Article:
It was a year ago when Andy Baio posted this tweet, and in his (far less than) 140 characters perfectly captured the key elements in this blog post: trending topics, geographies, and exogenous/endogenous events.
Indeed, as Danah Boyd also pointed out on her blog,
There are two types of trending topics on Twitter: endogenous and exogenous. Endogenous TTs happen when a topic has a viral spread. Once it becomes a TT, everyone jumps onto it to spread it even further. So when we see a hashtag like #intenyears we know it didn’t happen naturally [snip]. Exogenous TTs happen when everyone is talking about the same thing simultaneously, not really responding to each other or to the trending topic per say but responding to a cultural moment. This often happens when there are major new events or TV shows that are broadcasting something of great interest.
There is some value judgment implicit in Danah’s post, which I still cannot pinpoint quite clearly; but it does seem that exogenous trends are of some higher value, perhaps because they reflect on events that occur in the physical world, not just the virtual one (granted, virtual events can eventually spread to the real world and affect it — ask Anthony Weiner — but it is not clear how often that happens).
My co-authors and I recently published a paper (pdf) that asked two related questions: What types of trending topics can be captured in Twitter data (using standard techniques)? What are the important dimensions according to which these trends can be characterized, and what are the key distinguishing features of trends that can assist in automatically categorizing and differentiating the different trending topics?
To keep this post short, I would just mention that we did some qualitative coding and affinity analysis of a sample of trends from one geographic location (New York). This is with a computer science PhD student — Hila Becker — in her first dwelling into qualitative methods (yes, I am pretty proud of that, and her; Luis Gravano is another co-author on this NSF-funded work). The emerging categories we identified were split into “endogenous” and “exogenous” types, and included categories like breaking news events, broadcast media events (like the type Danah alludes to), planned events (like the pep rally mentions in Danah’s post) and so forth.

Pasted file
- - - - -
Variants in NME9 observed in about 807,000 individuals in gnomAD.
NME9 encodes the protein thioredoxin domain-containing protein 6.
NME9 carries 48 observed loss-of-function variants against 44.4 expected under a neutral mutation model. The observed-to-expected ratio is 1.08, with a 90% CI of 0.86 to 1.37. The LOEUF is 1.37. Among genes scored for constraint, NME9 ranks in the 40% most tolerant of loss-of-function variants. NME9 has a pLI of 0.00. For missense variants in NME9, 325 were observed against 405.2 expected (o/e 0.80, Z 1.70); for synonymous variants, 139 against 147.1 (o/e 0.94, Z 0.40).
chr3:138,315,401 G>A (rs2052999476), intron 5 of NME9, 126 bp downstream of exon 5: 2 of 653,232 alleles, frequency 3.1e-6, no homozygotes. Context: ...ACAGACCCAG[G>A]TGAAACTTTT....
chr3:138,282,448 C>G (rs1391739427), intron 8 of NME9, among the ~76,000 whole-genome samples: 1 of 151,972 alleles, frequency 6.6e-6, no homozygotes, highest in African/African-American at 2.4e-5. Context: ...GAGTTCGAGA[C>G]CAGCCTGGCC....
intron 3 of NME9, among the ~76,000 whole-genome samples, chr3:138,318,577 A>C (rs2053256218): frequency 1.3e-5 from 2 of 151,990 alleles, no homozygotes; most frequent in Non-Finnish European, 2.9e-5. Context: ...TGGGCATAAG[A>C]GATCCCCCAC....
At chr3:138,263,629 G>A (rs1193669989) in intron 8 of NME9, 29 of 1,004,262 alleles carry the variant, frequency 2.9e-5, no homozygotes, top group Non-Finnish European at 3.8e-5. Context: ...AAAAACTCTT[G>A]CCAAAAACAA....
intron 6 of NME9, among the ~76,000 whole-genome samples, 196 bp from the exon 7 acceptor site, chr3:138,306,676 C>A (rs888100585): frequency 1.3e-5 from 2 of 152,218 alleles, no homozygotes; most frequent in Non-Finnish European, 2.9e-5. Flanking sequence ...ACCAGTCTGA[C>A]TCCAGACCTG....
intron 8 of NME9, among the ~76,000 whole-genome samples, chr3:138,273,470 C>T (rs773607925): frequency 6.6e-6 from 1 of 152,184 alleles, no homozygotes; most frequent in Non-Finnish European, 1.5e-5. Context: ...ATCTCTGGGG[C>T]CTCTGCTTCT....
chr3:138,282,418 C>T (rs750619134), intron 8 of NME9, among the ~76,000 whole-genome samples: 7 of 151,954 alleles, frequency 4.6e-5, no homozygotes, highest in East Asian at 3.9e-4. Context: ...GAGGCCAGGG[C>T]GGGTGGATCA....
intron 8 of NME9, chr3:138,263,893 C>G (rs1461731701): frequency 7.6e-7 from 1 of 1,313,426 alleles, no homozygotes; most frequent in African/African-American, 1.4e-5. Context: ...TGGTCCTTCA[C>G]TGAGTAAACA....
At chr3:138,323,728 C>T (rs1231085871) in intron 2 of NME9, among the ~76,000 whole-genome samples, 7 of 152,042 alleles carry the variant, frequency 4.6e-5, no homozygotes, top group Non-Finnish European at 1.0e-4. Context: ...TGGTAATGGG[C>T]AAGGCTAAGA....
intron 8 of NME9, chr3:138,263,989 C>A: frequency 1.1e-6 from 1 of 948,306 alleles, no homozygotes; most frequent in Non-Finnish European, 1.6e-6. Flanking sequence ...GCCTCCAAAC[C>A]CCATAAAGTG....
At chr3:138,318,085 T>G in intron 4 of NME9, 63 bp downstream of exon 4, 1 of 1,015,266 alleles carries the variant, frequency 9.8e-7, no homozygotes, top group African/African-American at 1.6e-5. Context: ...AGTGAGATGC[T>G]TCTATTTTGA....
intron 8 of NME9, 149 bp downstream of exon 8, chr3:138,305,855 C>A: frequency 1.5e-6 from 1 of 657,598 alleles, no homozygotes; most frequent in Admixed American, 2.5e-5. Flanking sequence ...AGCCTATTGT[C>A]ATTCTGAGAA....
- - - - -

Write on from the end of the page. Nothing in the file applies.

We quickly transitioned to more traditional computer science tools, and took a sample of trends and all their associated data: tweets, networks of users and a bunch of derived variables (or “features”). The features were chosen with the hypothesis that they can help us automatically differentiate between different types of trends. We grouped these computed features into five categories:
- Content features (based on the content of messages for the trend, e.g., proportion of posts with URLs)
- Interaction features (the characteristics of conversation/social interaction in the trend’s content)
- Time features (how quickly the trend develops and dies)
- Participation features (how spread out versus centralized the trend is — are there a few key users posting content or not)
- Social network features (how dense is the network between users posting about that trend)
The social network features, for example, can perhaps help differentiate exogenous trends (where many people at once react to the same “event”) and endogenous trends (that may spread through connected people in the Twitter network). And indeed, as we show in the paper, that set of features did turn out to be different, in general, between endogenous and exogenous trends.
I leave you with the full paper to get more details about differences between trend types (clue: Table 5). However, this finding begs the question: can we use these features to automatically classify trends into exogenous or endogenous ones?
Well yes we can, at least to some degree. We show this result in our most recent paper, “Beyond Trending Topics: Real-World Event Identification on Twitter” (pdf, to be presented in Barcelona next week at the ICWSM conference). While we use a slightly different method to compute and detect “message clusters” (such as tweets that correspond to the same topic), we show that we can pretty robustly classify these clusters into those that reflect some real-world occurrence, and those that do not. Future work: show that this works with the full stream of Twitter data, and how early we can do it after the new trending topic was detected. In the meantime, in our second ICWSM paper, we show that we can also select top representative tweets for each cluster.
So, if we were in Portland with @waxpancake, our system could perhaps show that #rain is *not* a “Justin Beiber” because unlike most tweets about the young pop star, rain tweets and trending topics will correspond to a real-world occurrence (note to Bieber fans: I am not saying he is not real, but I guess this depends how you define “real”).
There are many other interesting social media papers at ICWSM, so be sure to check them out.
Mor Naaman is a professor at the Rutgers School of Communication and Information where he directs the Social Media Information Lab. He is a former Yahoo! Researcher, Stanford PhD student, and professional basketball player.